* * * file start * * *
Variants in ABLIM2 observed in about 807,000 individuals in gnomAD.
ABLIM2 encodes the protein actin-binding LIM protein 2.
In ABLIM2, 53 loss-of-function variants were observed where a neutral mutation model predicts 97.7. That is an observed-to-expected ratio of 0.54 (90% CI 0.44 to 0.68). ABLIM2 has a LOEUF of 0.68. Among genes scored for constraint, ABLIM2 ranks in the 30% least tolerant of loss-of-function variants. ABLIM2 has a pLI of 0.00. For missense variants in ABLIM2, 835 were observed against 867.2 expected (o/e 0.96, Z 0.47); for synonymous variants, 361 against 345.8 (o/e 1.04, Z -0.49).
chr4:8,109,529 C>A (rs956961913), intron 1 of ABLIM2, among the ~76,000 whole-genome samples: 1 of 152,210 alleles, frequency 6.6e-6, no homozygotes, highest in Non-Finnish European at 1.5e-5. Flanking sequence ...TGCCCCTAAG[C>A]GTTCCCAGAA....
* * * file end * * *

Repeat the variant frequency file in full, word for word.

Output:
Variants in ABLIM2 observed in about 807,000 individuals in gnomAD.
ABLIM2 encodes the protein actin-binding LIM protein 2.
In ABLIM2, 53 loss-of-function variants were observed where a neutral mutation model predicts 97.7. That is an observed-to-expected ratio of 0.54 (90% CI 0.44 to 0.68). ABLIM2 has a LOEUF of 0.68. Among genes scored for constraint, ABLIM2 ranks in the 30% least tolerant of loss-of-function variants. ABLIM2 has a pLI of 0.00. For missense variants in ABLIM2, 835 were observed against 867.2 expected (o/e 0.96, Z 0.47); for synonymous variants, 361 against 345.8 (o/e 1.04, Z -0.49).
chr4:8,109,529 C>A (rs956961913), intron 1 of ABLIM2, among the ~76,000 whole-genome samples: 1 of 152,210 alleles, frequency 6.6e-6, no homozygotes, highest in Non-Finnish European at 1.5e-5. Flanking sequence ...TGCCCCTAAG[C>A]GTTCCCAGAA....